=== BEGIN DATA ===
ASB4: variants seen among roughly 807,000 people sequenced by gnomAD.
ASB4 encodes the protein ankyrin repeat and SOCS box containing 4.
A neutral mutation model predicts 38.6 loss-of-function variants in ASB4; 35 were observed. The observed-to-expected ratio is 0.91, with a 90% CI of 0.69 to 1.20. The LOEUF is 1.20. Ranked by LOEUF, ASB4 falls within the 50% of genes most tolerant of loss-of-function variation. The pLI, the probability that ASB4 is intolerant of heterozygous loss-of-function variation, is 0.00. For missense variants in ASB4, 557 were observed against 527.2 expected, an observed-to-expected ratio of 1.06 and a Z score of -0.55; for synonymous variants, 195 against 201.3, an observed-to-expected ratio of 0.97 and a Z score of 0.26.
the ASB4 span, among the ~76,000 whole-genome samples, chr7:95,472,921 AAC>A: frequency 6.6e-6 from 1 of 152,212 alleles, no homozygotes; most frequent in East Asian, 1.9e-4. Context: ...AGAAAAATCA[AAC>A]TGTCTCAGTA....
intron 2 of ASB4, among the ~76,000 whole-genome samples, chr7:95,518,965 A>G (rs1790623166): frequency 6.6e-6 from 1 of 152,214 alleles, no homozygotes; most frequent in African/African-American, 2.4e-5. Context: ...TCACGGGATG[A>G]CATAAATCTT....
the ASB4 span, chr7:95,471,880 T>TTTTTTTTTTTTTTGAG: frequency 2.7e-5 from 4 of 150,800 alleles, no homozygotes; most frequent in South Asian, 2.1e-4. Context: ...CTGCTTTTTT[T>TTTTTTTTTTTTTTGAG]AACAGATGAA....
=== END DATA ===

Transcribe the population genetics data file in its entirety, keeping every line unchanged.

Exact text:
ASB4: variants seen among roughly 807,000 people sequenced by gnomAD.
ASB4 encodes the protein ankyrin repeat and SOCS box containing 4.
A neutral mutation model predicts 38.6 loss-of-function variants in ASB4; 35 were observed. The observed-to-expected ratio is 0.91, with a 90% CI of 0.69 to 1.20. The LOEUF is 1.20. Ranked by LOEUF, ASB4 falls within the 50% of genes most tolerant of loss-of-function variation. The pLI, the probability that ASB4 is intolerant of heterozygous loss-of-function variation, is 0.00. For missense variants in ASB4, 557 were observed against 527.2 expected, an observed-to-expected ratio of 1.06 and a Z score of -0.55; for synonymous variants, 195 against 201.3, an observed-to-expected ratio of 0.97 and a Z score of 0.26.
the ASB4 span, among the ~76,000 whole-genome samples, chr7:95,472,921 AAC>A: frequency 6.6e-6 from 1 of 152,212 alleles, no homozygotes; most frequent in East Asian, 1.9e-4. Context: ...AGAAAAATCA[AAC>A]TGTCTCAGTA....
intron 2 of ASB4, among the ~76,000 whole-genome samples, chr7:95,518,965 A>G (rs1790623166): frequency 6.6e-6 from 1 of 152,214 alleles, no homozygotes; most frequent in African/African-American, 2.4e-5. Context: ...TCACGGGATG[A>G]CATAAATCTT....
the ASB4 span, chr7:95,471,880 T>TTTTTTTTTTTTTTGAG: frequency 2.7e-5 from 4 of 150,800 alleles, no homozygotes; most frequent in South Asian, 2.1e-4. Context: ...CTGCTTTTTT[T>TTTTTTTTTTTTTTGAG]AACAGATGAA....